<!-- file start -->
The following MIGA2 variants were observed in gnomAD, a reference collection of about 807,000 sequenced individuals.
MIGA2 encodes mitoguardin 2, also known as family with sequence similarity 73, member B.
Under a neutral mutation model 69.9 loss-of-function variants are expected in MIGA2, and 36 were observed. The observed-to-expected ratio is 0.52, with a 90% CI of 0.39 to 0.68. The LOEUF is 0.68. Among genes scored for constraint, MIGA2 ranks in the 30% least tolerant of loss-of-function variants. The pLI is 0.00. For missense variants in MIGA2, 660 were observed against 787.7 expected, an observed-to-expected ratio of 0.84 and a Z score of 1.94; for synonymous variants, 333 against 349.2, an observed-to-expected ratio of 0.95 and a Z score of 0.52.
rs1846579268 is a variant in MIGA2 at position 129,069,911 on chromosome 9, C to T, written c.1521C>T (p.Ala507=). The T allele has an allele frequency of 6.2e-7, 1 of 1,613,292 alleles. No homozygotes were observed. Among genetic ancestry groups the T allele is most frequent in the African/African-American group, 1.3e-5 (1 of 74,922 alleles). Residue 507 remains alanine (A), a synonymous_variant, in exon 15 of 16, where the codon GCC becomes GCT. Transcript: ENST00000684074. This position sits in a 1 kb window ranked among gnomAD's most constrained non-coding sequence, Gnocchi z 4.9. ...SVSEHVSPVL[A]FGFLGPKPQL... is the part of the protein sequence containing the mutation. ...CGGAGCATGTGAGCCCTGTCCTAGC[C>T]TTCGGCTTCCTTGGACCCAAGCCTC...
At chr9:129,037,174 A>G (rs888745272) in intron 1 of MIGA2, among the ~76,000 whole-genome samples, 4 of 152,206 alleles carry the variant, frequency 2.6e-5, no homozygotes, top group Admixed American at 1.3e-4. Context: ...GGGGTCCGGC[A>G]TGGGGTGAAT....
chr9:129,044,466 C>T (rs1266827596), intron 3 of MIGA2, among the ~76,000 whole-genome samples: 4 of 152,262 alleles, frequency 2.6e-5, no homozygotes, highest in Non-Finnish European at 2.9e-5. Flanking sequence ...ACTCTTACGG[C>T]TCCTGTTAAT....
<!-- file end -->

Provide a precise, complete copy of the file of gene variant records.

The following MIGA2 variants were observed in gnomAD, a reference collection of about 807,000 sequenced individuals.
MIGA2 encodes mitoguardin 2, also known as family with sequence similarity 73, member B.
Under a neutral mutation model 69.9 loss-of-function variants are expected in MIGA2, and 36 were observed. The observed-to-expected ratio is 0.52, with a 90% CI of 0.39 to 0.68. The LOEUF is 0.68. Among genes scored for constraint, MIGA2 ranks in the 30% least tolerant of loss-of-function variants. The pLI is 0.00. For missense variants in MIGA2, 660 were observed against 787.7 expected, an observed-to-expected ratio of 0.84 and a Z score of 1.94; for synonymous variants, 333 against 349.2, an observed-to-expected ratio of 0.95 and a Z score of 0.52.
rs1846579268 is a variant in MIGA2 at position 129,069,911 on chromosome 9, C to T, written c.1521C>T (p.Ala507=). The T allele has an allele frequency of 6.2e-7, 1 of 1,613,292 alleles. No homozygotes were observed. Among genetic ancestry groups the T allele is most frequent in the African/African-American group, 1.3e-5 (1 of 74,922 alleles). Residue 507 remains alanine (A), a synonymous_variant, in exon 15 of 16, where the codon GCC becomes GCT. Transcript: ENST00000684074. This position sits in a 1 kb window ranked among gnomAD's most constrained non-coding sequence, Gnocchi z 4.9. ...SVSEHVSPVL[A]FGFLGPKPQL... is the part of the protein sequence containing the mutation. ...CGGAGCATGTGAGCCCTGTCCTAGC[C>T]TTCGGCTTCCTTGGACCCAAGCCTC...
At chr9:129,037,174 A>G (rs888745272) in intron 1 of MIGA2, among the ~76,000 whole-genome samples, 4 of 152,206 alleles carry the variant, frequency 2.6e-5, no homozygotes, top group Admixed American at 1.3e-4. Context: ...GGGGTCCGGC[A>G]TGGGGTGAAT....
chr9:129,044,466 C>T (rs1266827596), intron 3 of MIGA2, among the ~76,000 whole-genome samples: 4 of 152,262 alleles, frequency 2.6e-5, no homozygotes, highest in Non-Finnish European at 2.9e-5. Flanking sequence ...ACTCTTACGG[C>T]TCCTGTTAAT....